Mountain West Conference commissioner Craig Thompson sees positives in the recently announced four-team college football playoff, but said Tuesday he believes it will expand to eight teams sooner rather than later.
"I know we're saying four teams for 12 years," Thompson said. "But I don't see it as a four-team playoff for 12 years. I just don't see it. If there is success with four, I think we will go to what is most ideal, which is eight. That would double the access points."
Thompson sees access in the new system as double-edged. On one hand, four teams instead of two have a chance to compete for the national title. But on the other, there are expected to be no provisions guaranteeing a highly ranked champion from a non-traditional power conference will make a top-tier bowl.
Thompson envisions a playoff with five guaranteed spots for power conferences and three spots for everyone to compete for.
Some members of the BCS Presidential Oversight Committee have said four teams preserves the integrity of the regular season and protects the bowl system. Preventing what some call "bracket creep" is a key reason a 12-year cycle was chosen.
One topic discussed during Monday's commissioners teleconference was how "contract bowls" such as the Rose, Orange and Champions are guaranteeing the SEC, ACC, Big Ten, Big 12 and Pac-12 at least one team among the 12 top-tier bowl openings and in some instances two or three if there are "replacements" for Final Four participants.
It is possible as few as two spots or as many as seven could be available for a committee to place to fill out the top-tier bowls.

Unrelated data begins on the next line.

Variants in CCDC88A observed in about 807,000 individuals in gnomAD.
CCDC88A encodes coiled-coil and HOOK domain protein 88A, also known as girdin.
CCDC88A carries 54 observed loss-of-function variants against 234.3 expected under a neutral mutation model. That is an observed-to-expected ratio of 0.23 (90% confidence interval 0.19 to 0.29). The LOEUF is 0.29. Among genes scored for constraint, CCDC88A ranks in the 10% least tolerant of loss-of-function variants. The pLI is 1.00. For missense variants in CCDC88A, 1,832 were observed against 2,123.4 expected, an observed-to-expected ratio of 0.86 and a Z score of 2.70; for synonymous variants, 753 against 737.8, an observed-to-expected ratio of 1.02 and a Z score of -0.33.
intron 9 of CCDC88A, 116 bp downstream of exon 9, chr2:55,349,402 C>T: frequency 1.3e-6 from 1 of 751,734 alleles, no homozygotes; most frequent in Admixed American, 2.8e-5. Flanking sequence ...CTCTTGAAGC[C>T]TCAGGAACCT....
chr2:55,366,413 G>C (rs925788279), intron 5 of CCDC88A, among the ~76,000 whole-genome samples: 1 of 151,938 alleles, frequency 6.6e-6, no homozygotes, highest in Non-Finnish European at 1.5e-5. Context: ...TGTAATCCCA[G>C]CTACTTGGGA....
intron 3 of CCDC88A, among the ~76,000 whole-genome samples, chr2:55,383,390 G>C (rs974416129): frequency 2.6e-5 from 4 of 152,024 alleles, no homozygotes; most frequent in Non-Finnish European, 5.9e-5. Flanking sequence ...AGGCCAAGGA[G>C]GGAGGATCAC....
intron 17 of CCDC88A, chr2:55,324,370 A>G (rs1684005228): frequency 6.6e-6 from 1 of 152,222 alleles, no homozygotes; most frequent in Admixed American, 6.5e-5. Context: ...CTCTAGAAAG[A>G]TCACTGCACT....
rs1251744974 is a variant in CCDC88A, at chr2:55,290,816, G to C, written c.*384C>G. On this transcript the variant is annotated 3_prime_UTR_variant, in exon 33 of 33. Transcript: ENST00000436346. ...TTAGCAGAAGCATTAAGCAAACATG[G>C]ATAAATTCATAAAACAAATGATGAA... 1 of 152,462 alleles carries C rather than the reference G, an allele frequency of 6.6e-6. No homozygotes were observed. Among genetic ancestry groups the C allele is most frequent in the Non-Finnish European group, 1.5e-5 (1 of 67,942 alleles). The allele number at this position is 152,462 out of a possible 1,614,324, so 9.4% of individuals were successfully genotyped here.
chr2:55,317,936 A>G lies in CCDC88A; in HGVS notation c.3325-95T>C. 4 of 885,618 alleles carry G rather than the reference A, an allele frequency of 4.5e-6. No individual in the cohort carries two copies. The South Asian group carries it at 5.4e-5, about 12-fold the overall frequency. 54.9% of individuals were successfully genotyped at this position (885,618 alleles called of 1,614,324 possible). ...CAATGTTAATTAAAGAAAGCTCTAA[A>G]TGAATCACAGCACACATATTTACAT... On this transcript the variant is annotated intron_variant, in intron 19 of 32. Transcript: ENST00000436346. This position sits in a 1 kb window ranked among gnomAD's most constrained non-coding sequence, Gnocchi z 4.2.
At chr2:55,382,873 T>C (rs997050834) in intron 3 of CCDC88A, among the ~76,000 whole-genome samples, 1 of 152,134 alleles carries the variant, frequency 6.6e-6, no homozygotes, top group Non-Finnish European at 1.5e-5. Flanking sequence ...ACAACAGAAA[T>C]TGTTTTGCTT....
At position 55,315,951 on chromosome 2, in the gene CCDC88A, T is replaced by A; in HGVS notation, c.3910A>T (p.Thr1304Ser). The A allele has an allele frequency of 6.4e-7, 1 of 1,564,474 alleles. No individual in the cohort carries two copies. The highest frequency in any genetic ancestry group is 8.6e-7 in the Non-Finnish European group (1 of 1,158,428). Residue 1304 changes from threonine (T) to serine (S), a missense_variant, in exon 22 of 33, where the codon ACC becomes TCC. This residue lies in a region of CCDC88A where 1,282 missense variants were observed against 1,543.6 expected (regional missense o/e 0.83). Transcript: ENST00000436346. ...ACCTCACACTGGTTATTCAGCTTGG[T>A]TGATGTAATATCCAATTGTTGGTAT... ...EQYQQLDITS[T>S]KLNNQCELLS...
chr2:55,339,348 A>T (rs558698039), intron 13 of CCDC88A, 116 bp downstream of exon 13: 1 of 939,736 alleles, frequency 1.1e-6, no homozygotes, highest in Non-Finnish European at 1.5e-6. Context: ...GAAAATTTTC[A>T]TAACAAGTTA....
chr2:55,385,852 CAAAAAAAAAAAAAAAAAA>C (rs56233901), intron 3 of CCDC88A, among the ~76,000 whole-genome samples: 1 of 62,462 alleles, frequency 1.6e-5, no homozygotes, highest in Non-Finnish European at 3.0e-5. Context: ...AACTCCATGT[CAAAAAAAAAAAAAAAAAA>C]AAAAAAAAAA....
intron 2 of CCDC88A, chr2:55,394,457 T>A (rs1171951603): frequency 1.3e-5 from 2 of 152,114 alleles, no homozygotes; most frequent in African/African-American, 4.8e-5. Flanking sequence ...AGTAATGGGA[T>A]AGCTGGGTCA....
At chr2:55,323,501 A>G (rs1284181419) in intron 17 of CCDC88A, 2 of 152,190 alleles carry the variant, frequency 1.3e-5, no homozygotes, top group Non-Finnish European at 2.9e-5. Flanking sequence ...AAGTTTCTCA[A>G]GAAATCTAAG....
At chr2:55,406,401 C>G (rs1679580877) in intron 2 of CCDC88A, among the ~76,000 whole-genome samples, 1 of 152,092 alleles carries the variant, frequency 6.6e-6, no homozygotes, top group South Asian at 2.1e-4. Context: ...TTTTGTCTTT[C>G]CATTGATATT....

BCS officials have described the new system as "free access" and "free market," meaning all conferences have a right to vie for their own contractual agreements with bowls.
The commissioners may have a dozen or so more conference calls, including this Thursday, to further discuss access, revenue distribution and selection committee details before they meet again in person in September.
Thompson is a member of the revenue distribution committee that has developed parameters for the new system which includes past performance, current participation and a portion that could even include academic benchmarks.
"I do believe there will be an academic component," said Thompson, adding he believes each conference will have an increase in revenue with the next television deal.
Thompson compared the playoff announcement in Washington to the announcement that a home will be built with windows and plumbing, without having all the plan details in place.
"It's amazing, eight or nine months ago we couldn't even spit out the word 'playoff' and now here we are with the old system under the bus," he said. "It's a 120-degree change. But there are still months of details to work through."